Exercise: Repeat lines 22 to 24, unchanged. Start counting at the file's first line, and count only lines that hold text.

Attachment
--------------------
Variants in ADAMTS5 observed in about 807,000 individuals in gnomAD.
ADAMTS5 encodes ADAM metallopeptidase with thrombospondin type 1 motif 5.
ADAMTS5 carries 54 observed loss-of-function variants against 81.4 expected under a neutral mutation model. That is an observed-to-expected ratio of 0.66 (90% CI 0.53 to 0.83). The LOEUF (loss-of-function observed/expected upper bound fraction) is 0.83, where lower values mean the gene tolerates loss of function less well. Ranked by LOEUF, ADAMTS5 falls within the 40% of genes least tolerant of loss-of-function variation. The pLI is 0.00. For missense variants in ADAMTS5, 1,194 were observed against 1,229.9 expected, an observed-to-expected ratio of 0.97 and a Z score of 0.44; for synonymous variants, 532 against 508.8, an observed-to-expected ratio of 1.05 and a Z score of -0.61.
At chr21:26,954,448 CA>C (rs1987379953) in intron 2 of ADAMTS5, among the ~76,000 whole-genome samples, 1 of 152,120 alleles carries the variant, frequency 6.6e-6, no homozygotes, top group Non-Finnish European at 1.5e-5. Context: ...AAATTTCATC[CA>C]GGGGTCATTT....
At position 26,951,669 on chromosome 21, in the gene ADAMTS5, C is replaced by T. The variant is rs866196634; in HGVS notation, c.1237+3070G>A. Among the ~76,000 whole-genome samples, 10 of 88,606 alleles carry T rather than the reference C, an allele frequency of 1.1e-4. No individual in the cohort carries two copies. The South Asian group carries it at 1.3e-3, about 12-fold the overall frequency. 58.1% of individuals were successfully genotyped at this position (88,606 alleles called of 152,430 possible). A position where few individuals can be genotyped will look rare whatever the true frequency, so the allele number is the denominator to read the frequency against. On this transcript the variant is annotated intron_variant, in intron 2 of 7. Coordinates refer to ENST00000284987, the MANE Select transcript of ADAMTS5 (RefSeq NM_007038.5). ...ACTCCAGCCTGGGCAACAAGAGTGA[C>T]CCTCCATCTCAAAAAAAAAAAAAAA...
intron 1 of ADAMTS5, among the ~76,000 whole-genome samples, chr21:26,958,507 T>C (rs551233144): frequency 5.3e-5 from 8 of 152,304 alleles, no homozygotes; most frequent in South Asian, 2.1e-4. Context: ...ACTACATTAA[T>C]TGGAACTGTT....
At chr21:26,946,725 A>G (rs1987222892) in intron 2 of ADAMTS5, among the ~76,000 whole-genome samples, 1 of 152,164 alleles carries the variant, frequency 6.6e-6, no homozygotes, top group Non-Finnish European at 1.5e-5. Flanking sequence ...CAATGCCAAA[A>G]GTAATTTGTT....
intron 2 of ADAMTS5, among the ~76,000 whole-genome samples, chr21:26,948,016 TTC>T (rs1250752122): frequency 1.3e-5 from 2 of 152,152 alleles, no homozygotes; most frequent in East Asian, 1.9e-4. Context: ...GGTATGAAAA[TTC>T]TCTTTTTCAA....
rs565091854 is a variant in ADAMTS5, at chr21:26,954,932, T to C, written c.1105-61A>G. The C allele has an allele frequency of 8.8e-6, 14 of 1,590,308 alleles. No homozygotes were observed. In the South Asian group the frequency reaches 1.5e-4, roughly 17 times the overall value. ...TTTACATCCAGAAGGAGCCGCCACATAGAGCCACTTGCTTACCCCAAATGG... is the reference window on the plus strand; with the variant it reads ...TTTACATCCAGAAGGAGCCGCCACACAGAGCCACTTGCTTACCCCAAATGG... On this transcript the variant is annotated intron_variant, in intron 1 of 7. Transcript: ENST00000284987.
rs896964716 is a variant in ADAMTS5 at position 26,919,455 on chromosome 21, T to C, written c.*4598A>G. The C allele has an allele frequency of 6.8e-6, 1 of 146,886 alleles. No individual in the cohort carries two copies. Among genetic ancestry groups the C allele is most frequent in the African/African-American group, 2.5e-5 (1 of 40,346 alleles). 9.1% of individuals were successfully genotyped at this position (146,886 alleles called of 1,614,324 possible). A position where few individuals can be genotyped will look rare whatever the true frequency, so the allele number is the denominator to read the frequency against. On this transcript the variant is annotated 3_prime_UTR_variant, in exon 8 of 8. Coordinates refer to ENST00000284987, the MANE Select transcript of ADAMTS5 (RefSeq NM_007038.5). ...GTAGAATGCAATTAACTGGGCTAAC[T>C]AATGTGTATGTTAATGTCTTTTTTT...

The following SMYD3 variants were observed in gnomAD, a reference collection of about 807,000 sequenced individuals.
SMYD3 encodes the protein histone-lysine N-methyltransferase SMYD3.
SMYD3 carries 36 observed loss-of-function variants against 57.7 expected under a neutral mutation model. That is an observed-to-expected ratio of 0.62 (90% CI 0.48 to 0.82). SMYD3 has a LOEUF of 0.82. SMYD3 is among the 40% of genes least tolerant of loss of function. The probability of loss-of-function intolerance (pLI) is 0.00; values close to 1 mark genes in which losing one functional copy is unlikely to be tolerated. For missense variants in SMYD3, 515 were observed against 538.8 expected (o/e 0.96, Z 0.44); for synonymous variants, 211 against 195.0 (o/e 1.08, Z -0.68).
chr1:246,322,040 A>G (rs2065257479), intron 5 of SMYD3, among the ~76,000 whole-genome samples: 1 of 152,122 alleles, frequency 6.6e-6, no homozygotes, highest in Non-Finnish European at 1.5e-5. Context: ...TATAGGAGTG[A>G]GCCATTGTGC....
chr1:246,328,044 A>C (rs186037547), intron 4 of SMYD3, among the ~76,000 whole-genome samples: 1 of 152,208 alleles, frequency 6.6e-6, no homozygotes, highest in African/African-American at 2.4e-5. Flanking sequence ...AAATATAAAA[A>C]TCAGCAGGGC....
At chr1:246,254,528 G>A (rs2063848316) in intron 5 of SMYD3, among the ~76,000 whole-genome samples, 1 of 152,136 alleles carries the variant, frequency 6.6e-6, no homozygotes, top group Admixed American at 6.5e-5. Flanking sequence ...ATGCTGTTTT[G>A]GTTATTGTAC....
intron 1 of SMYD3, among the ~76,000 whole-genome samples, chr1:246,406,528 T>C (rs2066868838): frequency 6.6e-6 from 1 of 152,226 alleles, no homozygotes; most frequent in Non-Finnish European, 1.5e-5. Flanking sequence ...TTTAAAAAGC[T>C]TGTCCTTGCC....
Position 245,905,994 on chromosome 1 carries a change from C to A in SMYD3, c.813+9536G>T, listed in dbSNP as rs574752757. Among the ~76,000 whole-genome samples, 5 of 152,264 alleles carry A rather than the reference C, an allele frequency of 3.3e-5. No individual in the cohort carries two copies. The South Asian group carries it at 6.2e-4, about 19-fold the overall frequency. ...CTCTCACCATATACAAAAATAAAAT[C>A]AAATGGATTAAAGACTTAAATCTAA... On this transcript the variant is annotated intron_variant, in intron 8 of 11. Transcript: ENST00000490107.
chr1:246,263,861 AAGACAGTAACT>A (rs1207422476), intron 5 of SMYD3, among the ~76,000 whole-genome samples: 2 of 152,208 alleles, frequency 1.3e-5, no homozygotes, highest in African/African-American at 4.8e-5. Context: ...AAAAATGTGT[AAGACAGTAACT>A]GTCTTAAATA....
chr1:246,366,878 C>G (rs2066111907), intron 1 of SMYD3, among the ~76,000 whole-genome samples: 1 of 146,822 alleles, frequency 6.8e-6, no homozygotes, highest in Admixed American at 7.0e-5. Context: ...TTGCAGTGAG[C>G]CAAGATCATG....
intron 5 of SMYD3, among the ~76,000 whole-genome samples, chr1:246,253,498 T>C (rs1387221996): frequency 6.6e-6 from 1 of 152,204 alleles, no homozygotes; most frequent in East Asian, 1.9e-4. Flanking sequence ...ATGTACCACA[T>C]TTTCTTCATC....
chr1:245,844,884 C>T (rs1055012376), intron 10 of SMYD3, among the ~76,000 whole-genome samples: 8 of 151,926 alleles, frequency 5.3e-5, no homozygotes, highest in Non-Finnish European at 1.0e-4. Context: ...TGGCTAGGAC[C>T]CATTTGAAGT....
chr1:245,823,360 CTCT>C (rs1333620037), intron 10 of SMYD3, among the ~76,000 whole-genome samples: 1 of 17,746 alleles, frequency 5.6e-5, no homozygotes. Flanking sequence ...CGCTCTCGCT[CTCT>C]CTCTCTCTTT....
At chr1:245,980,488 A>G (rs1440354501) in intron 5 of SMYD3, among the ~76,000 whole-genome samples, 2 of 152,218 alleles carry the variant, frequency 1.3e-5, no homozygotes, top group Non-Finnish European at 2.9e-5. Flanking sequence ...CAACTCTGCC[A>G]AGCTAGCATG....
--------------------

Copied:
chr1:245,844,884 C>T (rs1055012376), intron 10 of SMYD3, among the ~76,000 whole-genome samples: 8 of 151,926 alleles, frequency 5.3e-5, no homozygotes, highest in Non-Finnish European at 1.0e-4. Context: ...TGGCTAGGAC[C>T]CATTTGAAGT....
chr1:245,823,360 CTCT>C (rs1333620037), intron 10 of SMYD3, among the ~76,000 whole-genome samples: 1 of 17,746 alleles, frequency 5.6e-5, no homozygotes. Flanking sequence ...CGCTCTCGCT[CTCT>C]CTCTCTCTTT....
At chr1:245,980,488 A>G (rs1440354501) in intron 5 of SMYD3, among the ~76,000 whole-genome samples, 2 of 152,218 alleles carry the variant, frequency 1.3e-5, no homozygotes, top group Non-Finnish European at 2.9e-5. Flanking sequence ...CAACTCTGCC[A>G]AGCTAGCATG....